February 16, 2009
Execution methods and theories of punishment
This week we will turn this week from broad discussion of capital punishment theories and practices to a focused discussion of constitutional doctrine. (And here is a reminder that everyone should be prepared to discuss the McGautha case.) But this great newspaper article, headlined "Firing squads are more humane, experts say," provides a great overview of how different death penalty theories and practices intersect when we consider execution methods. Here are some notable snippets from the article:
Rep. Delmar Burridge knows his death penalty bill isn’t going anywhere this legislative session. His bill to bring back the firing squad as punishment for gun-related murders didn’t have a single sympathizer during a recent House committee hearing, and Burridge said he brought the proposal forward to make a point, not new law.
But some execution experts say that the Keene Democrat’s proposal should get a fair hearing. Firing squads, they say, may look old-fashioned and barbaric, but they may be more humane than other methods.
A 1993 study that examined the pain associated with different execution methods had firing squad ranked close to lethal injection. But that research came before more recent reports about problems with lethal injections — incompetent executioners, medically complicated inmates and otherwise botched executions — that have led five states to put executions on hold as they consider ways to improve the status quo.
“That’s definitely something worth investigating,” said Deborah Denno, a professor at Fordham Law School in New York who has studied execution methods for 18 years and testified in state and federal courts about lethal injection. “There’s evidence that (a firing squad) could be the most humane method that’s currently available.”...
Burridge said he chose the method primarily for its public-relations value. He said he thought a death by shooting might be more likely to stick in the minds of would-be criminals and deter them from committing crimes using guns. “I call it the enhanced death penalty,” he said. “You’ve got to love the marketing.”...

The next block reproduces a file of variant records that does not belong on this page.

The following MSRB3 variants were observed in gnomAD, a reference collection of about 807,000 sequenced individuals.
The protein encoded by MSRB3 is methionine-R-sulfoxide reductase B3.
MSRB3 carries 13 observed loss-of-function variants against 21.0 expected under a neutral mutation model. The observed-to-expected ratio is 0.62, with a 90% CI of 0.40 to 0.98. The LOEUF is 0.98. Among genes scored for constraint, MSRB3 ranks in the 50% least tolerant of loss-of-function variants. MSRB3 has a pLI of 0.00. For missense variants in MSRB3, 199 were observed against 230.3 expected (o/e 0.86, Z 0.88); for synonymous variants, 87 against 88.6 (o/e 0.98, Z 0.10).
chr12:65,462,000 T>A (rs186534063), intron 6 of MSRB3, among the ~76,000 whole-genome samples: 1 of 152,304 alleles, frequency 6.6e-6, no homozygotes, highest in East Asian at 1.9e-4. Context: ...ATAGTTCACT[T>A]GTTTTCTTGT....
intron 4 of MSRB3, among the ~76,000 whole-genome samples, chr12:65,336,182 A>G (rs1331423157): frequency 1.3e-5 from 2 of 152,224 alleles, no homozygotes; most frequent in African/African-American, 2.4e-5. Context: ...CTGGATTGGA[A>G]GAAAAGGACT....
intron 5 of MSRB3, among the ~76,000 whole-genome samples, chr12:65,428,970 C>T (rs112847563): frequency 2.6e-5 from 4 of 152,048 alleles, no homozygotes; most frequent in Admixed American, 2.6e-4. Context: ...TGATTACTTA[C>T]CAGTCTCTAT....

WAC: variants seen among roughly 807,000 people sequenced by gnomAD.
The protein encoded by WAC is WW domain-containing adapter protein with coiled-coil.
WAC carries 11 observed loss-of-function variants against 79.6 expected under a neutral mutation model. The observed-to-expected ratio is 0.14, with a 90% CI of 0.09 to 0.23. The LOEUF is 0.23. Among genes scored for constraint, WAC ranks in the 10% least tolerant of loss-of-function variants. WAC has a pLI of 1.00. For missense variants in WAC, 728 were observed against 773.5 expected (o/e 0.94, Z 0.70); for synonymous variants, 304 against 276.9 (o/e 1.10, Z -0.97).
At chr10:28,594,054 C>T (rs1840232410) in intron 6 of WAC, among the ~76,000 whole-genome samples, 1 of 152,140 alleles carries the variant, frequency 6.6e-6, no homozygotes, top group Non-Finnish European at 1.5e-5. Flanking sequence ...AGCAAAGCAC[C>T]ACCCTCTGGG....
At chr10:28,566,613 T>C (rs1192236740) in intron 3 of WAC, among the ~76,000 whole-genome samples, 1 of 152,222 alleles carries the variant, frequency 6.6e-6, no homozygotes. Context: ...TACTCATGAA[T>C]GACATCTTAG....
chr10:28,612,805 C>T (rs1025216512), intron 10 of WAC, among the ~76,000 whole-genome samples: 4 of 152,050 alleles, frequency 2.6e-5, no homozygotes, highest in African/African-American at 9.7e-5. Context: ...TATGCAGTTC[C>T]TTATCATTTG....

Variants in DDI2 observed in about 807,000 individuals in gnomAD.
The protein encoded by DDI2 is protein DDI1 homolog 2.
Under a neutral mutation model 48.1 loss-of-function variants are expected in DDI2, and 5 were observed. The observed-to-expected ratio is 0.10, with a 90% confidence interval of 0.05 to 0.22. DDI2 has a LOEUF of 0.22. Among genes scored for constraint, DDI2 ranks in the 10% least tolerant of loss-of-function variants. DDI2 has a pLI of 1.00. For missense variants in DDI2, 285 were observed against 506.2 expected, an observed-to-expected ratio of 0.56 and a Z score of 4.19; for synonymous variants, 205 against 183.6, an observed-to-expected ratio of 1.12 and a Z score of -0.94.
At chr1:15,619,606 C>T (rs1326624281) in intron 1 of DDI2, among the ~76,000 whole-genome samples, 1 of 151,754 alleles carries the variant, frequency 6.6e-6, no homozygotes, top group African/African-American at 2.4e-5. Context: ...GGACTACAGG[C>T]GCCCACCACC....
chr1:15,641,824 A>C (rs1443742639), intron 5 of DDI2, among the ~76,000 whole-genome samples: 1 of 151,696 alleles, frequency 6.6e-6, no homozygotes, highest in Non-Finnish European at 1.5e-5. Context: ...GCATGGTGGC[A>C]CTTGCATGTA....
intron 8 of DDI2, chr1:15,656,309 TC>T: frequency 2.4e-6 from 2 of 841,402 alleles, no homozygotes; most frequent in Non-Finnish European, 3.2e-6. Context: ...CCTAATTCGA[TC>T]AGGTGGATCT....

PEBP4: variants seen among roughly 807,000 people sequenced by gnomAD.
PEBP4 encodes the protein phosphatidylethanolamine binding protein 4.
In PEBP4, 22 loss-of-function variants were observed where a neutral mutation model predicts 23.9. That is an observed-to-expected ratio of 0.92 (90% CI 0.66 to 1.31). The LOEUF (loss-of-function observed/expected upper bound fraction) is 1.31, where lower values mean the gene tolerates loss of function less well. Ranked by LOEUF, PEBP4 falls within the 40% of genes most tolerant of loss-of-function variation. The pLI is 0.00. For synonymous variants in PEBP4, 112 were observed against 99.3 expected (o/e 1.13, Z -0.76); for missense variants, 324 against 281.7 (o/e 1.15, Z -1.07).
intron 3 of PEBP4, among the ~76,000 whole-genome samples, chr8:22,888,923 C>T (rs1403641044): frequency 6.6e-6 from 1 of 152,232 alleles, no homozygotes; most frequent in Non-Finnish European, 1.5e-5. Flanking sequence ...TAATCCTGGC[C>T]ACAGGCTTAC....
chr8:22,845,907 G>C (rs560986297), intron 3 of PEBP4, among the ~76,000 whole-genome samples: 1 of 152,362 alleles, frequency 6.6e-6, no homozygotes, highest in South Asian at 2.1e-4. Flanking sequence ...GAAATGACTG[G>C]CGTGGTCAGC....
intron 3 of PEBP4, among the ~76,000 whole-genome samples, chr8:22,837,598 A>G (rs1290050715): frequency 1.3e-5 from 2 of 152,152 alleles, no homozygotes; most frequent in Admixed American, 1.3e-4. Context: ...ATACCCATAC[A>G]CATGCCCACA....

Worldwide, firing squad is the most common method of execution. But it’s generally associated with “repressive governments,” including Libya, Cuba, Afghanistan and Uzbekistan, said David Fathi, the U.S. program director at Human Rights Watch. His organization, which opposes the death penalty, authored an influential report in 2006 outlining failings in the states’ lethal injection protocols. But despite those problems, Fathi did not agree that New Hampshire should choose the firing squad. “These are not countries that we generally strive to emulate,” he said....
One strong argument in favor of lethal injection and against the firing squad is the appearance of the execution. Lethal injection looks dignified and painless to watchers, said Richard Dieter of the Death Penalty Information Center. “The guards, the wardens, the witnesses probably do not want five rifles going off and a bloody person bleeding to death in front of them,” Dieter said. “I think these methods are partially chosen for their appearance.”...
On this very blog, back when it was used as a resource for the death penalty course taught at Moritz in Spring 2007, students can find lots and lots of posts on execution methods:
- More on executions methods and the role of doctors
- Readings for Feb. 21 on execution methods
- Follow-up execution method readings
March 04, 2007
Lots of lethal injection doings
As detailed at my main blog, there's been lots of lethal injection developments since our last class meeting. Here are links to some of my coverage at SL&P:
I plan to recap some of these developments at the start of our Wednesday class, but then we will turn to the discussion of federal death penalty issues (materials on their way).
March 01, 2007
Does the Florida LI commission's recs require greater doctor involvement?
Providing a fitting capstone to our discussions of execution methods and the role of doctors, today the Florida's Commission on Administration of Lethal Injection finalized its recommendations today on improving the state's lethal injection process. I cannot yet find the Commission's report on line yet, but this article details that the report, which comes from a group created by out-going Governor Jeb Bush back in December after a botched execution, has more than a dozen recommendations.
By my lights, it would seem that some of the recommendations almost require the involvement of doctors in the execution process. Consider these recommendations (as reported by the press):
- Medically examine the inmate one week before the execution and determine the best method to achieve IV access.
- Don't move the inmate after IV access is achieved and take other steps to make sure IV access is maintained throughout the entire execution.
- Improve training, including holding periodic training exercises for all execution team members in which they practice possible contingencies.
Would the AMA's policy against physician involvement in executions allow doctors to play any role in these activities?